Will Canada pass on this unique opportunity?

Cugnot’s Fardier and the “Jamais Contente” have each made their mark on the history of the automobile industry by becoming respectively the first combustion engine vehicle in 1771 and the first electric vehicle to exceed 100 km/h in 1899.

A new era and a different paradigm: automobile manufacturers having pushed sales using “the driving experience” for several decades, are they now trying to create a demand for the “self-drive” experience?  The driving experience is about to become secondary with the latest technological advancements. Autonomous vehicles (AV) are undeniably among us!

The Google car and the Mercedes-Benz F015, to name a few, are two “autonomous” vehicles authorized to operate on public roads in several American states. Several projects have started or will be started in Europe. CityMobil 2 in which electrical autonomous low speed shuttles are tested in La Rochelle, in France; also, the city of Milton Keynes, in England, will be experimenting with low-speed electric pods. The number sites and projects are multiplying and several countries, states and municipalities wish to become leaders in this field.

In Canada, no project of remotely similar ambition has been concretely defined. With its Nordic climate and its proximity to the United States, Canada is the ideal testing ground for the harshest conditions this technology must be able to face. Several aspects are already being addressed (including regulations and insurance). However, the main challenge for Canadians, is to ensure this technology is as efficient in winter conditions as it is the almost ideal conditions where trials are currently generally conducted. We must act now to ensure that these advanced technology vehicles are technically capable of circulating in Canada in coming years and that this country’s citizens can profit from the benefits of this technology.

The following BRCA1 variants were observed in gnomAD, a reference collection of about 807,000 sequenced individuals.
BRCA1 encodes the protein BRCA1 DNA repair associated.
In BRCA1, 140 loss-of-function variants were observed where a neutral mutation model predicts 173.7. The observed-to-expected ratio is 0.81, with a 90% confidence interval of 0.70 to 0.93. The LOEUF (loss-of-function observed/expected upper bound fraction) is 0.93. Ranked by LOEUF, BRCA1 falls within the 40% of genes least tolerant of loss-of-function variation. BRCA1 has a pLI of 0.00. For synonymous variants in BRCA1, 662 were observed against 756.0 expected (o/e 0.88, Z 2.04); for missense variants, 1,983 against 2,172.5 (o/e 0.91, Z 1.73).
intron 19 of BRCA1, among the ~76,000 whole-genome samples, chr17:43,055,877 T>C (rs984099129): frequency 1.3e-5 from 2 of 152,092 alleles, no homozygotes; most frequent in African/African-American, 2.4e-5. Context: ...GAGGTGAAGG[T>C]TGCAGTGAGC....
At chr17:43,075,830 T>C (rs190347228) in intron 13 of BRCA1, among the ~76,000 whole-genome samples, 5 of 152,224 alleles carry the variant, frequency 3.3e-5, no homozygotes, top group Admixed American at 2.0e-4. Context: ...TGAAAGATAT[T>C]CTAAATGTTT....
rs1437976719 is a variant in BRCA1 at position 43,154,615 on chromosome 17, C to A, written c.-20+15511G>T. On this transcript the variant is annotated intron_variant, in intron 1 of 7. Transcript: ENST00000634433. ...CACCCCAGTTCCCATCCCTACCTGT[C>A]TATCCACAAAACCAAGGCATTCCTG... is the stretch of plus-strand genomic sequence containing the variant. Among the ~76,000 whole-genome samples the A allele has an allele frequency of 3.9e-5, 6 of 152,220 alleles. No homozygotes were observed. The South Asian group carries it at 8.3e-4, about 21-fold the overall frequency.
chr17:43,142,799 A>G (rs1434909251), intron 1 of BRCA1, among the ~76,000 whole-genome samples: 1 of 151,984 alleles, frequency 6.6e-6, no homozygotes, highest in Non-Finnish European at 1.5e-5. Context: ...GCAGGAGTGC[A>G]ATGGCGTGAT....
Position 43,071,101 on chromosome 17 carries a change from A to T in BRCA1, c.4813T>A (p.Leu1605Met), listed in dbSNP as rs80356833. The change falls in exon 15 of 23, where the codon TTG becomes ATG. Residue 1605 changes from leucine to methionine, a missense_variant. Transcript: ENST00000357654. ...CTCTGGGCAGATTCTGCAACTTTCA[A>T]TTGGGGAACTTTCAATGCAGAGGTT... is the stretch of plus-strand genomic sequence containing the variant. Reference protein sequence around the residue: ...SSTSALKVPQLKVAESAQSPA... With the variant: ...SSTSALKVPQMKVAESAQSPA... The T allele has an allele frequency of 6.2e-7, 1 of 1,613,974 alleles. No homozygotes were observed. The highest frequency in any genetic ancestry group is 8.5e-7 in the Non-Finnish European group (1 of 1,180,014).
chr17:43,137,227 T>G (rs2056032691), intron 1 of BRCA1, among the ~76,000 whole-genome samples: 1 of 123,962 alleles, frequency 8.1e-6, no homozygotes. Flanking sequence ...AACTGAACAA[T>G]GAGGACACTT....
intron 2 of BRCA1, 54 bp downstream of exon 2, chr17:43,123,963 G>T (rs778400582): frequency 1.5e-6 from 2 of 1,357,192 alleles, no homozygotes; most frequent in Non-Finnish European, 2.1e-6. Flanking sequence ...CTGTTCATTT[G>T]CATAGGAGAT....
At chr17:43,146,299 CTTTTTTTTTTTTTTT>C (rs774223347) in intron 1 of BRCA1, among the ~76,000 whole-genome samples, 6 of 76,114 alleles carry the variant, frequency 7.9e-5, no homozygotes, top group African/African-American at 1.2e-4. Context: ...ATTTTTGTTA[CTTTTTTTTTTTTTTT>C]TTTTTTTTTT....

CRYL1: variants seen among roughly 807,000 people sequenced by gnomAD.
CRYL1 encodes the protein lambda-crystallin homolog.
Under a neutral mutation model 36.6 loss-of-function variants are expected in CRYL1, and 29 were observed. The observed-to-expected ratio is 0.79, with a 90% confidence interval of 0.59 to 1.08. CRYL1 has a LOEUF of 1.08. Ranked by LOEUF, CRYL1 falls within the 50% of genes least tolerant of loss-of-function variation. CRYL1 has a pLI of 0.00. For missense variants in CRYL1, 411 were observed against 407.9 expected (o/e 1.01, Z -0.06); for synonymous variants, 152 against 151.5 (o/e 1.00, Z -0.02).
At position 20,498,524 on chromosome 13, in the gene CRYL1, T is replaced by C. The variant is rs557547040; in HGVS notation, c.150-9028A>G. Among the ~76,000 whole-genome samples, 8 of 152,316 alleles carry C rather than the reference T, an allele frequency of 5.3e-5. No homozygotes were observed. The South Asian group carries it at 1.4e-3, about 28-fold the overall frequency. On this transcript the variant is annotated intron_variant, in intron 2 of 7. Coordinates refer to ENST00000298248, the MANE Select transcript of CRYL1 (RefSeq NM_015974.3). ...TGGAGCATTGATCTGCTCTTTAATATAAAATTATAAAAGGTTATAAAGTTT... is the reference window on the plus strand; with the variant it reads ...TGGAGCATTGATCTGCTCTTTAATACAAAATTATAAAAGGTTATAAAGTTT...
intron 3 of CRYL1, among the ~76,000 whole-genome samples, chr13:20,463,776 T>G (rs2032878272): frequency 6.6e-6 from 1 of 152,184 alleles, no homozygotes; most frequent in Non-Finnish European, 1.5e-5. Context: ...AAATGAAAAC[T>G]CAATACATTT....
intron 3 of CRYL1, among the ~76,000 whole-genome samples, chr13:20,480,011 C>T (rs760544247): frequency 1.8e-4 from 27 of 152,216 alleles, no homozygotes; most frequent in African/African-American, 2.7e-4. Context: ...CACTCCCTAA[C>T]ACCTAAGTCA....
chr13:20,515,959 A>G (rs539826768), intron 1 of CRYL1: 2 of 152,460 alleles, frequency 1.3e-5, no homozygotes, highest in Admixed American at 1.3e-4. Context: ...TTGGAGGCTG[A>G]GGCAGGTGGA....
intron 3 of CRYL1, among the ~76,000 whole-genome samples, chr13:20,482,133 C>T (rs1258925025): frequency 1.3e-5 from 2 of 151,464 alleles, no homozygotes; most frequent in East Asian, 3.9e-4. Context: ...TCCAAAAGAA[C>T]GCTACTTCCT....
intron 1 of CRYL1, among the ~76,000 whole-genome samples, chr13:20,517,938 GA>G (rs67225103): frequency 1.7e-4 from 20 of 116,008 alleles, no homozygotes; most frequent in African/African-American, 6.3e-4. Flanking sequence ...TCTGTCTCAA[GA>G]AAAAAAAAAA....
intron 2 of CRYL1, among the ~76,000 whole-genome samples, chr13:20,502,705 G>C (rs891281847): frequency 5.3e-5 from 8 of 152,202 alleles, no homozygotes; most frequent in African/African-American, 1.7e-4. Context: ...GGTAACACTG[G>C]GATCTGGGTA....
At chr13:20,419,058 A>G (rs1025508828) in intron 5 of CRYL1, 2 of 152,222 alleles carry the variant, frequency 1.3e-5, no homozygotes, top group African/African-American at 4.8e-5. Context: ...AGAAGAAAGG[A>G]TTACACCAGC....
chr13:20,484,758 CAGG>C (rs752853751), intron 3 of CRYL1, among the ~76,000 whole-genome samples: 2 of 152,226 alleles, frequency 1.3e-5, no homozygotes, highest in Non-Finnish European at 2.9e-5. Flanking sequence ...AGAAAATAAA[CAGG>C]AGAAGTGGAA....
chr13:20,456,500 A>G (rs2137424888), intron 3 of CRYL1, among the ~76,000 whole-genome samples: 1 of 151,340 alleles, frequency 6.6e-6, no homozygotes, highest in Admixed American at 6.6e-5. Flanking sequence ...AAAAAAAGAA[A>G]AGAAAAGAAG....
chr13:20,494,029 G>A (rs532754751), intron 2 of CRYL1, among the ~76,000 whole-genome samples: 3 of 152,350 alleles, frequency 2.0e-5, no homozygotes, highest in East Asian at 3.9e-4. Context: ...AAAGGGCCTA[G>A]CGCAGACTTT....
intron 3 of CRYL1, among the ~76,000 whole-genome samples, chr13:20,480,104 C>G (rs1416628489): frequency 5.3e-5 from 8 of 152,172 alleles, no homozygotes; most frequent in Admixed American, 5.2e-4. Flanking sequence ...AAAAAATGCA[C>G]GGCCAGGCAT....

In several applications, AVs effectively replace traditional transportation systems such as buses or light rail as they are less expensive to operate and allow greater flexibility. The pods that have been operating on a guided roadway at Heathrow airport since 2011, are an early example of driverless technology. Since then, numerous autonomous electrical low speed shuttles have been introduced including the Navya (Induct) and the EZ 10 (Ligier group). These vehicles have not been used in extreme climatic conditions and, if they are to be used in Canada, they need to be proven.  Canadian businesses need to be involved in testing this technology and the challenges it presents.

Today, we have difficulty establishing a standardized system for electrical vehicle charging (Tesla, CHAdeMo, SAE.). How will we harmonize decisions with respect to driverless vehicles? Are decision-making algorithms infallible? In what conditions should we be using driverless vehicles? What impact will winter climatic conditions have on the navigation system? Only by real-world testing will we have concrete answers to these questions.

Canadian stakeholders must act soon as global automakers are unlikely to develop autonomous vehicles for our relatively small market given the challenges our climate represents.  Canada has a lot to offer: our expertise in robotics, optics and advanced engineering can contribute significantly to the development of this technology.

We need testing grounds or geographic areas where pilot projects can be undertaken, where vehicles can be tested. We need to encourage those involved in the development of this technology globally to undertake their winter and year-round testing here, attracting research and development activity, ensuring knowledge transfer to our engineers and software developers and setting the groundwork for tomorrow. Will Canada pass on this unique opportunity?

Photo : Shutterstock Filipe Frazao

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